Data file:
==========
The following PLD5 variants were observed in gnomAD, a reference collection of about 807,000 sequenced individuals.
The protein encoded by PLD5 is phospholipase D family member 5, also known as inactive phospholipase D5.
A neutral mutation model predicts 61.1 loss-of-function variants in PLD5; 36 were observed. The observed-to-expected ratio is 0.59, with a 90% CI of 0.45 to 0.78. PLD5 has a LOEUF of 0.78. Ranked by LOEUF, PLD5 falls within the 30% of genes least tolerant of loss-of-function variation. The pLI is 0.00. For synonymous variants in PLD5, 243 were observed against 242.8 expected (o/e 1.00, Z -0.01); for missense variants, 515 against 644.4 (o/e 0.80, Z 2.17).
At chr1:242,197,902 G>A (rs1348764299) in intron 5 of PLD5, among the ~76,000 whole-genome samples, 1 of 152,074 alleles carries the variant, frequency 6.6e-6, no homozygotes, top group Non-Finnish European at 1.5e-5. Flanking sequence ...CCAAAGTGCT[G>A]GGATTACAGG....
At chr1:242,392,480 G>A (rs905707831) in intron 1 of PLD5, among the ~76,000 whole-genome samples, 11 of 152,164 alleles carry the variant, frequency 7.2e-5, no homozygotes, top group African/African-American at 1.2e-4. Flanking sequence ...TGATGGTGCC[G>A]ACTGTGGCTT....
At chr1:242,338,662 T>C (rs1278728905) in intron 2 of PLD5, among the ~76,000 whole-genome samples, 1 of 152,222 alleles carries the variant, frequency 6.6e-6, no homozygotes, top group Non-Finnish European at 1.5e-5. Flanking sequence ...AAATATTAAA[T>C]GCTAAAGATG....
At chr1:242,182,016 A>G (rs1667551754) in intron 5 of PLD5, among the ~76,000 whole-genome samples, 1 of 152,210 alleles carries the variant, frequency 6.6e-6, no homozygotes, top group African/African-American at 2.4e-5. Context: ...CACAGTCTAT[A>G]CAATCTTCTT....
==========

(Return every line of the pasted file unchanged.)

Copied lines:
The following PLD5 variants were observed in gnomAD, a reference collection of about 807,000 sequenced individuals.
The protein encoded by PLD5 is phospholipase D family member 5, also known as inactive phospholipase D5.
A neutral mutation model predicts 61.1 loss-of-function variants in PLD5; 36 were observed. The observed-to-expected ratio is 0.59, with a 90% CI of 0.45 to 0.78. PLD5 has a LOEUF of 0.78. Ranked by LOEUF, PLD5 falls within the 30% of genes least tolerant of loss-of-function variation. The pLI is 0.00. For synonymous variants in PLD5, 243 were observed against 242.8 expected (o/e 1.00, Z -0.01); for missense variants, 515 against 644.4 (o/e 0.80, Z 2.17).
At chr1:242,197,902 G>A (rs1348764299) in intron 5 of PLD5, among the ~76,000 whole-genome samples, 1 of 152,074 alleles carries the variant, frequency 6.6e-6, no homozygotes, top group Non-Finnish European at 1.5e-5. Flanking sequence ...CCAAAGTGCT[G>A]GGATTACAGG....
At chr1:242,392,480 G>A (rs905707831) in intron 1 of PLD5, among the ~76,000 whole-genome samples, 11 of 152,164 alleles carry the variant, frequency 7.2e-5, no homozygotes, top group African/African-American at 1.2e-4. Flanking sequence ...TGATGGTGCC[G>A]ACTGTGGCTT....
At chr1:242,338,662 T>C (rs1278728905) in intron 2 of PLD5, among the ~76,000 whole-genome samples, 1 of 152,222 alleles carries the variant, frequency 6.6e-6, no homozygotes, top group Non-Finnish European at 1.5e-5. Flanking sequence ...AAATATTAAA[T>C]GCTAAAGATG....
At chr1:242,182,016 A>G (rs1667551754) in intron 5 of PLD5, among the ~76,000 whole-genome samples, 1 of 152,210 alleles carries the variant, frequency 6.6e-6, no homozygotes, top group African/African-American at 2.4e-5. Context: ...CACAGTCTAT[A>G]CAATCTTCTT....